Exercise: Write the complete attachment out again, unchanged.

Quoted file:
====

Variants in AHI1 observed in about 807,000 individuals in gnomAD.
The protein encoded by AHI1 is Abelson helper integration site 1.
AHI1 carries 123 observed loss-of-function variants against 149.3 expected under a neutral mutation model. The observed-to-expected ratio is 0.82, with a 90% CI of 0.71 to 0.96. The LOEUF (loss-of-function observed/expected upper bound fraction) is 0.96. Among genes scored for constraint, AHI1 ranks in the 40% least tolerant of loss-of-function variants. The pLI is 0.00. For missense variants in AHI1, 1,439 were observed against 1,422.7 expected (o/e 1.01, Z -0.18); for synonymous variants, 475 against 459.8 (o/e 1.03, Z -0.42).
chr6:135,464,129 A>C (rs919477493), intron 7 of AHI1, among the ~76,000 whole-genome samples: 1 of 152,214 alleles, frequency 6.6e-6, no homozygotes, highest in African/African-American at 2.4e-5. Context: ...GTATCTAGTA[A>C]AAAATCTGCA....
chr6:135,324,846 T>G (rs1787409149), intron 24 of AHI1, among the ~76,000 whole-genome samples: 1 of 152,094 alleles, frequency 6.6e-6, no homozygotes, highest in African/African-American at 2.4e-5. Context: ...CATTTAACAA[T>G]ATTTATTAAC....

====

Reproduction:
Variants in AHI1 observed in about 807,000 individuals in gnomAD.
The protein encoded by AHI1 is Abelson helper integration site 1.
AHI1 carries 123 observed loss-of-function variants against 149.3 expected under a neutral mutation model. The observed-to-expected ratio is 0.82, with a 90% CI of 0.71 to 0.96. The LOEUF (loss-of-function observed/expected upper bound fraction) is 0.96. Among genes scored for constraint, AHI1 ranks in the 40% least tolerant of loss-of-function variants. The pLI is 0.00. For missense variants in AHI1, 1,439 were observed against 1,422.7 expected (o/e 1.01, Z -0.18); for synonymous variants, 475 against 459.8 (o/e 1.03, Z -0.42).
chr6:135,464,129 A>C (rs919477493), intron 7 of AHI1, among the ~76,000 whole-genome samples: 1 of 152,214 alleles, frequency 6.6e-6, no homozygotes, highest in African/African-American at 2.4e-5. Context: ...GTATCTAGTA[A>C]AAAATCTGCA....
chr6:135,324,846 T>G (rs1787409149), intron 24 of AHI1, among the ~76,000 whole-genome samples: 1 of 152,094 alleles, frequency 6.6e-6, no homozygotes, highest in African/African-American at 2.4e-5. Context: ...CATTTAACAA[T>G]ATTTATTAAC....